In other words, will Haggard, one of the most
high-profile and influential Christians in America, and his evident love of men be enough to flip some sort of switch in the rigid Christian fundamentalist mind-set and slap them out of their ideological coma and maybe begin to tip the scales back toward, oh, I don't know ... let's say open-mindedness, generosity of spirit, happy grinning homosexual acceptance and an understanding that God doesn't give a flying evangelical crap about gender? Do you already know the answer?

Because this is, in a way, what it comes down to. A massive, hurtful hypocrite of Haggard's stature and influence comes to light, and you can only hope for, well, something. A shift. A hint of awakening, of movement, of evolution. An increase of urgent calls to the gay-love hotline from the GOP. You know, something.

Here's the bad news: Keep on waiting.

It's as sad as it is obvious. You'll find no evangelical, no Christian leader anywhere coming out and saying: Let's do something different. Let's take this shocking Haggard scandal as a cosmic sign, as a big rainbow-colored warning flag that maybe, just maybe we need to look at this gay issue with a little more love and a little less nauseating pseudo-spiritual homophobic dogma. Maybe now is the time to rethink this hateful ideology that has kept us so deep in fear and mistrust and sexual agony for so long. Can I get a praise Jesus?

Unfortunately, the religious right is probably too busy licking their wounds after the trouncing their candidates took in this week's elections. After some time passes, though, we can only hope that as least some of their leaders can step back and take a long, hard look at what they're doing and, more importantly, what the Holy Spirit is really trying to tell them.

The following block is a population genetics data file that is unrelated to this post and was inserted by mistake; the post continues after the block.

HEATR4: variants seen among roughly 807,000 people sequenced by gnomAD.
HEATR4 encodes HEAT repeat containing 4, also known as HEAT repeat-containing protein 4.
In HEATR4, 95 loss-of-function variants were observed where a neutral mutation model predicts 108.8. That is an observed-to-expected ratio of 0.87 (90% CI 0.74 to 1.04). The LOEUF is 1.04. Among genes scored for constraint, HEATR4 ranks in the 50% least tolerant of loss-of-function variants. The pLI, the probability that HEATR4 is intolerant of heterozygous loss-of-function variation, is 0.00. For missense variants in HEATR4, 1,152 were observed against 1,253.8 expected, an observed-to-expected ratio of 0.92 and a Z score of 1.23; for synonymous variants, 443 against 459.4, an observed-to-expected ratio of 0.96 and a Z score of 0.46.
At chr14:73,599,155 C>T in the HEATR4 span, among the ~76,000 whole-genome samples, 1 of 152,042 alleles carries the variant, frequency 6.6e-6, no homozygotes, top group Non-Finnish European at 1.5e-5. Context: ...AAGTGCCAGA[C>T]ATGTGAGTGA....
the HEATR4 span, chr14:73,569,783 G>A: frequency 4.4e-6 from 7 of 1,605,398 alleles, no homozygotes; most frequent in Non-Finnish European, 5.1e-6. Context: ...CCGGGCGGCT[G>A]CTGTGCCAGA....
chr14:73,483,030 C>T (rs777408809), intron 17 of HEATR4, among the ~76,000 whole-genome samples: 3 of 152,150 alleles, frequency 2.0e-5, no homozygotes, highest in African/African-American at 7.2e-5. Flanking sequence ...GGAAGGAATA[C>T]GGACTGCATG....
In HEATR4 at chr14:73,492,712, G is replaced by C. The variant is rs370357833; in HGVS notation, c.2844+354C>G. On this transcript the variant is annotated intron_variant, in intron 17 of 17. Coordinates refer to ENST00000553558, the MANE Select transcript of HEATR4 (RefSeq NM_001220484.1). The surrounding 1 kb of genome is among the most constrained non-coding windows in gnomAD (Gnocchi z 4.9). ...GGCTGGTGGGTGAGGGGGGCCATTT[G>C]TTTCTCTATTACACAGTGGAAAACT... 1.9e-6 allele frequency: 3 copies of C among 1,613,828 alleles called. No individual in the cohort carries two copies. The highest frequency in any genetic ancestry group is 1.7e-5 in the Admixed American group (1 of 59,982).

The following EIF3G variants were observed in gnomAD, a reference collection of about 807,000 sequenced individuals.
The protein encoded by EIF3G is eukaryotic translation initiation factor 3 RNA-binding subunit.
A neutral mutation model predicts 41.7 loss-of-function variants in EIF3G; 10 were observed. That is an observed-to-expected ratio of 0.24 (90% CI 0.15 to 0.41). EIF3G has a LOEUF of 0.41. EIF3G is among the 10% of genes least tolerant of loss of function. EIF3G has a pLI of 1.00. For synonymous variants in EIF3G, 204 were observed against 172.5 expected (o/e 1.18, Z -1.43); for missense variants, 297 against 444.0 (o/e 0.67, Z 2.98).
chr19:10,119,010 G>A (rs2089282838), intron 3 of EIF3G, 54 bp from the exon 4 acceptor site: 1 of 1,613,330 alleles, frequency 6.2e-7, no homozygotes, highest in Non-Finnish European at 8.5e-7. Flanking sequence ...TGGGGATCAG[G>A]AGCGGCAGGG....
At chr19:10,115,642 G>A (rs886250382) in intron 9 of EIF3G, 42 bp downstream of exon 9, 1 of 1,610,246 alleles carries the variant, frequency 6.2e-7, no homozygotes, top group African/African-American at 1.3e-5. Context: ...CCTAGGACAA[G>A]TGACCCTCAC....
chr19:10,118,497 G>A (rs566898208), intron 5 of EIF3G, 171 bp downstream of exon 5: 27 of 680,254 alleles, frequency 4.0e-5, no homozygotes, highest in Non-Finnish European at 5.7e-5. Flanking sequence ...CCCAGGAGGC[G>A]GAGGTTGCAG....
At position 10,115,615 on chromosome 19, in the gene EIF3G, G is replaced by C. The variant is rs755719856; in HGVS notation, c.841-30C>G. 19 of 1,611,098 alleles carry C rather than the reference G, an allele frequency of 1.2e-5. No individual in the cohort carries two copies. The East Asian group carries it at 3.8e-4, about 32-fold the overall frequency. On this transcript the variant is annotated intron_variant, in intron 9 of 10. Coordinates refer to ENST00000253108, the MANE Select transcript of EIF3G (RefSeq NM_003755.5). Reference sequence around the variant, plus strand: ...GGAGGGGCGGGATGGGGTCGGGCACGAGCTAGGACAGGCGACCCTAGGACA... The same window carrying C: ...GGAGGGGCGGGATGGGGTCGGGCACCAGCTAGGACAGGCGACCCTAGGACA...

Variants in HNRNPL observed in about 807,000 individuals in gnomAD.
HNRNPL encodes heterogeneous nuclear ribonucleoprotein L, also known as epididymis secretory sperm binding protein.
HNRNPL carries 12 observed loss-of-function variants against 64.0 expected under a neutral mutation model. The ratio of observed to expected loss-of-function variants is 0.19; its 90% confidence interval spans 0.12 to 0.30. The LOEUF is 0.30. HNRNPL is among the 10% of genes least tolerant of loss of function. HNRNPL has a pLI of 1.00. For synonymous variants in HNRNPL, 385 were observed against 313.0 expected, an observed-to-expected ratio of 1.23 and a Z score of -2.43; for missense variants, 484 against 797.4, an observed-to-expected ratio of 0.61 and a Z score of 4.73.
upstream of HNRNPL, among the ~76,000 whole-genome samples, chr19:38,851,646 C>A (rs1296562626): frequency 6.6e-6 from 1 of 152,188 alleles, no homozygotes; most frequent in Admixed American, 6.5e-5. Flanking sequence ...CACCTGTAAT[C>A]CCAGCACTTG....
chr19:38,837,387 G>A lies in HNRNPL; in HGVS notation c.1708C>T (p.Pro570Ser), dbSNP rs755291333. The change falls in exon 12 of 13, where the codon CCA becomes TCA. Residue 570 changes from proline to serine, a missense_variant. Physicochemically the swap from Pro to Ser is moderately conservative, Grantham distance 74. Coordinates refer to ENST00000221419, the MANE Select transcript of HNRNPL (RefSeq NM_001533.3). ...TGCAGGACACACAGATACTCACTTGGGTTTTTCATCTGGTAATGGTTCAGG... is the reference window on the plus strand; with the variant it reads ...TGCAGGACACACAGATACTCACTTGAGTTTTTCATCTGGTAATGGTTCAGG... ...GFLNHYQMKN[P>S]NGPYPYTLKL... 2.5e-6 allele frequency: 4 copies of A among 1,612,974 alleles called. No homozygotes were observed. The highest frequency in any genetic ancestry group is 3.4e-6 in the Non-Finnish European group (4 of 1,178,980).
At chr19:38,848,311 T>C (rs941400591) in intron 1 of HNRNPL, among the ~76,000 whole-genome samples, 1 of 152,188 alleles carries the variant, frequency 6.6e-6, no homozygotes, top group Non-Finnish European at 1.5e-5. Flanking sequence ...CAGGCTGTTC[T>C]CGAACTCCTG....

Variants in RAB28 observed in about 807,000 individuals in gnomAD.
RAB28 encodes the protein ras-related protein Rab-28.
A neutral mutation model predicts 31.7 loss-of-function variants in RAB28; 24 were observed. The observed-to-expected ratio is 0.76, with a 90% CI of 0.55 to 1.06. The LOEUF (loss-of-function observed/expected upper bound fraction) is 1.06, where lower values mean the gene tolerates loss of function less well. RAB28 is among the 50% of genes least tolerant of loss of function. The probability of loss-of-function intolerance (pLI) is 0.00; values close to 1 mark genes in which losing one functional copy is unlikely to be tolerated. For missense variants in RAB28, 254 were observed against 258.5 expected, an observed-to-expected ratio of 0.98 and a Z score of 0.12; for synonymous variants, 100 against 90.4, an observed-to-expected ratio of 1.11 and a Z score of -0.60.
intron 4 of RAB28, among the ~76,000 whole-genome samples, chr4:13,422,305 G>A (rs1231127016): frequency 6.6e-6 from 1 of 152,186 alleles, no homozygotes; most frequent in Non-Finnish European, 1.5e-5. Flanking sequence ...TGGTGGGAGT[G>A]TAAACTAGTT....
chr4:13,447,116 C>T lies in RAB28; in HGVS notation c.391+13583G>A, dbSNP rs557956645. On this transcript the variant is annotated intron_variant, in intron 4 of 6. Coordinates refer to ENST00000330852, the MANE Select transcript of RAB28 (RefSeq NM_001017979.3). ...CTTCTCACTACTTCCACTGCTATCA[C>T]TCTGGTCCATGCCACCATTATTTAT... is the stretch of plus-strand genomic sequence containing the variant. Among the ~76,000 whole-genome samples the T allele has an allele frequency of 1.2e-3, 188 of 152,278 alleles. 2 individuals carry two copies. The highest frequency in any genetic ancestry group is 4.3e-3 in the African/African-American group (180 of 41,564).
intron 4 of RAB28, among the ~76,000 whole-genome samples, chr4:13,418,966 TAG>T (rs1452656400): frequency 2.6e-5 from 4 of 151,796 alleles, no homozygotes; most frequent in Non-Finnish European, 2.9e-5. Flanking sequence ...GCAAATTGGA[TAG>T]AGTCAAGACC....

November 09, 2006

The U. S. Moves Toward the Middle

The Democrats sweeping victories in Tuesday's elections signalled a move from the right, sometimes the far right, back toward the middle in our nation's political slant. This is good, but not yet great, news for the GLBT from where I sit.

The good news is that it should limit further passing of state constitutional amendments that would ban same-sex marriage. Arizona became the first state to reject a proposed amendment at the ballot box, but seven more states passed a measure this week, increasing the number of states with a ban on the books to 27.

With Democrats in control of both houses of Congress, there is virtually no chance that a federal amendment will even reach the floor again. There is also an upswing in out GLBT candidates getting elected to office, offering a louder and more visible voice for equality.

This is all good, but not great news. Many democrats got elected by presenting a viable alternative to moderate voters from both parties. While those individuals did not run on platforms including discrimination toward gays, few of them engaged in issues of GLBT equality either.